Background: The Council on Chiropractic Education Australasia (CCE-A) is tasked with assessment and accreditation of chiropractic programs (CPs) in the Australasian community. To achieve this process the CCE-A has developed educational standards and graduate competencies which include minimum expectations of graduates prior to entry into the workforce. We sought to explore if these are changing overtime, and if so are these changes for the better.
Method: The CCE-A 2009 and 2017 Competency Standards were located and downloaded. The competencies were placed into tables for a comparative analyses in a systematic manner to enable the identification of similarities and differences. In addition, word counts were conducted for the most commonly occurring words and this took place in December 2019.
Results: The 2017 competency standards were over three times smaller than the previous standards 2009 standards. More similarities than differences between the old and the new standards were found. There were 18 additions to the 2017 graduate competencies with many that were in unison with contemporary aspects of healthcare such as patient centred-care, respect for practitioner-patient boundaries and patient sexual orientation, transitioning patients to self-management, and consideration of improving lifestyle options. Some competencies were not bought forward to the new standards and included, among others, students being competent in screening for mental health conditions, an expectation to discuss cost of care, re-evaluating and monitoring patients at each visit, and knowing when to discharge patients. The competencies continued to be silent on known issues within the chiropractic profession of a lack of a definition for chiropractic that would inform scope of practice and the presence of vitalism within CPs.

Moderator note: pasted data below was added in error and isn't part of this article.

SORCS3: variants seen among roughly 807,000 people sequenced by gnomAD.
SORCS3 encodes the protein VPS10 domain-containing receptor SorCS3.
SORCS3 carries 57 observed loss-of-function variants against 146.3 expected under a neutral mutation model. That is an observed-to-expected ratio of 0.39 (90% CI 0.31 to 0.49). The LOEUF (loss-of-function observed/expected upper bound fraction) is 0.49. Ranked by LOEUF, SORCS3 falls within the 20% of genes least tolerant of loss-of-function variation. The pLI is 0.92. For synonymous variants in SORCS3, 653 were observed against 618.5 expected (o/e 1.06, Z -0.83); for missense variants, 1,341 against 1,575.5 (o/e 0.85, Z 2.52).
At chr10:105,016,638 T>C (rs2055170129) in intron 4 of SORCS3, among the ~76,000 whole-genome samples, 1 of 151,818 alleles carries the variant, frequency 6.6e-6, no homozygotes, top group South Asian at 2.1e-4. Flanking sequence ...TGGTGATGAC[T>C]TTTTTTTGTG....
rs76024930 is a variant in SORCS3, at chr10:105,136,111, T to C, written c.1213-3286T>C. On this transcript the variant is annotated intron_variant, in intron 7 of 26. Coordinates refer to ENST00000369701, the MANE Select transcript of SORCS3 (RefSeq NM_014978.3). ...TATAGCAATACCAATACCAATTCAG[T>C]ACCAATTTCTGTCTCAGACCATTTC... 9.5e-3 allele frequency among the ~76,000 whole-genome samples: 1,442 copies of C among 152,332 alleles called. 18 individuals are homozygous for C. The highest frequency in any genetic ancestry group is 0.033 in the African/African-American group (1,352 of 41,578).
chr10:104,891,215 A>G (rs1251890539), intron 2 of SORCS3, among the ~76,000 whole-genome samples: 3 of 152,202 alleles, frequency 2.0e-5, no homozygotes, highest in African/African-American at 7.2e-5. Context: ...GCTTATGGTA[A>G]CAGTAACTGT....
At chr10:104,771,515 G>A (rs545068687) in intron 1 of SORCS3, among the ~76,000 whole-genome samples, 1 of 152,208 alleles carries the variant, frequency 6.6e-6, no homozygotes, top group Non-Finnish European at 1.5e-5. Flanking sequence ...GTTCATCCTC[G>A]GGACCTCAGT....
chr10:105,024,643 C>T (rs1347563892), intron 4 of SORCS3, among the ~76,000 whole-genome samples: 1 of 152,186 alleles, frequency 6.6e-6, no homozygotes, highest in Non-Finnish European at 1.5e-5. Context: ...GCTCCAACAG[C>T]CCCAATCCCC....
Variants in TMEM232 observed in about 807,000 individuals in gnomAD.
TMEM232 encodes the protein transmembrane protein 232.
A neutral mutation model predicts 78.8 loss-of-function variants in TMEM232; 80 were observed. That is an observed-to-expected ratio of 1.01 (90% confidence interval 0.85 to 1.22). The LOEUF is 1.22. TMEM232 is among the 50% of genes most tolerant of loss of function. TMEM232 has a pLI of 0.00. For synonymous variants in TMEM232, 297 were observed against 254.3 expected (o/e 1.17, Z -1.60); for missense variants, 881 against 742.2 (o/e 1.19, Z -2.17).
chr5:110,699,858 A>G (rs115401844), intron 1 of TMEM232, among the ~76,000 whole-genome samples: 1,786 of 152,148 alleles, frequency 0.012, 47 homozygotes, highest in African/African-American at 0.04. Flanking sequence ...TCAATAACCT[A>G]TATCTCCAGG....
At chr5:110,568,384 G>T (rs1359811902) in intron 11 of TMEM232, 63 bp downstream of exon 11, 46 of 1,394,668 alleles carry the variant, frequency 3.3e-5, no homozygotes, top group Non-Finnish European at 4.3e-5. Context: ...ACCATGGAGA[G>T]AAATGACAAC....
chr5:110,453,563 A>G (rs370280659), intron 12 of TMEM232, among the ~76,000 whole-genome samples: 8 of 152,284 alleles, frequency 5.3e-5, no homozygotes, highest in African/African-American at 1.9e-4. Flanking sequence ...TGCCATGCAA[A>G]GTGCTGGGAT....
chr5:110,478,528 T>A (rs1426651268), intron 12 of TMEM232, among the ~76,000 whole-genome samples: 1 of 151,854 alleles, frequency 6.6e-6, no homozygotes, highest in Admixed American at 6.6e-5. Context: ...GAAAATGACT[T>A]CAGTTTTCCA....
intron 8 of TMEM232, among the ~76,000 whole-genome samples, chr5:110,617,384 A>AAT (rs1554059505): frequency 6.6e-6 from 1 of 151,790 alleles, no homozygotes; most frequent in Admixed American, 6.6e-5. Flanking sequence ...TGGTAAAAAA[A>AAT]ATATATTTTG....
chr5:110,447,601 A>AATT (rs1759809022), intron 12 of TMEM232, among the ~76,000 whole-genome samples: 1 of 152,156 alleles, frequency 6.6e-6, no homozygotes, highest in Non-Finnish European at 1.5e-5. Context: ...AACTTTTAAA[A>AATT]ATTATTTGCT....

Conclusion: There have been positive changes which reflect contemporary mainstream health care standards between CCE-A graduate competency revisions. The absence of a clear definition of chiropractic and its attendant scope of practice as well as continued silence on vitalism reflect known issues within the chiropractic profession. Recommendations are made for future accreditation standards to inform the required competencies and aid the integration of chiropractic into the broader health care community.
Author keywords: Accreditation — Chiropractic — Education — Standards
Author affiliations: SI: College of Science, Health, Engineering and Education, Murdoch University, Murdoch, Australia; AK: School of Health and Biomedical Sciences, RMIT University, Melbourne, Australia
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